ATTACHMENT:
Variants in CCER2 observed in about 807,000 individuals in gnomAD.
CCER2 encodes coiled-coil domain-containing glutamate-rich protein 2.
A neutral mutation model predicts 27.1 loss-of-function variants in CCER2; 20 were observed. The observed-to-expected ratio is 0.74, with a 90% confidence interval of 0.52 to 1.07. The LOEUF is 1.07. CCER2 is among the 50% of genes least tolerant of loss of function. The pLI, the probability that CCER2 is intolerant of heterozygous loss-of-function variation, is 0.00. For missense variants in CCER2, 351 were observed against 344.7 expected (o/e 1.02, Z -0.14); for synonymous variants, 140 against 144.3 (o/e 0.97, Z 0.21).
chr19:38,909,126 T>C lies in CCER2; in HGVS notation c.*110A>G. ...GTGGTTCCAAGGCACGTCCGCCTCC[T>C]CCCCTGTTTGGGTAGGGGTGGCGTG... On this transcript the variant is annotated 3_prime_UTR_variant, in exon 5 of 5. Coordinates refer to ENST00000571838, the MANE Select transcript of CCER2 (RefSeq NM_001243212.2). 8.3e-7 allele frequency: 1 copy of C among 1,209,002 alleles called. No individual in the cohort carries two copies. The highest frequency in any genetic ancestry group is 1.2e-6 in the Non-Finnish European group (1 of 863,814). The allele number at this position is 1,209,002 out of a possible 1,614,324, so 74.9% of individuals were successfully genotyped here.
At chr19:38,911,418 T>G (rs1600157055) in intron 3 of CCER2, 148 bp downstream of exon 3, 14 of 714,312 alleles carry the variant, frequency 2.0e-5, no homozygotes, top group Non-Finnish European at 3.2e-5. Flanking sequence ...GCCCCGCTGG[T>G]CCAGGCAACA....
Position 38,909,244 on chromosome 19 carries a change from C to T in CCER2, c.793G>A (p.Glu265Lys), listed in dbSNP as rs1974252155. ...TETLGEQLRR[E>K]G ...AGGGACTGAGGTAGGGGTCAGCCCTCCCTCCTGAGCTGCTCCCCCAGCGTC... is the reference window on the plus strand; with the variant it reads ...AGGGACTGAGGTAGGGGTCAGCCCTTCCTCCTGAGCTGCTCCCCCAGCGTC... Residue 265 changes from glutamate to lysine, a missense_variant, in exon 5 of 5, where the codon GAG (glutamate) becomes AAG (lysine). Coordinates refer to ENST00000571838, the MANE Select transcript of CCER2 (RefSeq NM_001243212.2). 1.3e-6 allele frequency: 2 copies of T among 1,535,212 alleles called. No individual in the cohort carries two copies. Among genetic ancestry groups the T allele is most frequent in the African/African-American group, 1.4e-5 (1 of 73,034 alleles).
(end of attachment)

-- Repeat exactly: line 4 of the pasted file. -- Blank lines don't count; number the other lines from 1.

chr19:38,909,126 T>C lies in CCER2; in HGVS notation c.*110A>G. ...GTGGTTCCAAGGCACGTCCGCCTCC[T>C]CCCCTGTTTGGGTAGGGGTGGCGTG... On this transcript the variant is annotated 3_prime_UTR_variant, in exon 5 of 5. Coordinates refer to ENST00000571838, the MANE Select transcript of CCER2 (RefSeq NM_001243212.2). 8.3e-7 allele frequency: 1 copy of C among 1,209,002 alleles called. No individual in the cohort carries two copies. The highest frequency in any genetic ancestry group is 1.2e-6 in the Non-Finnish European group (1 of 863,814). The allele number at this position is 1,209,002 out of a possible 1,614,324, so 74.9% of individuals were successfully genotyped here.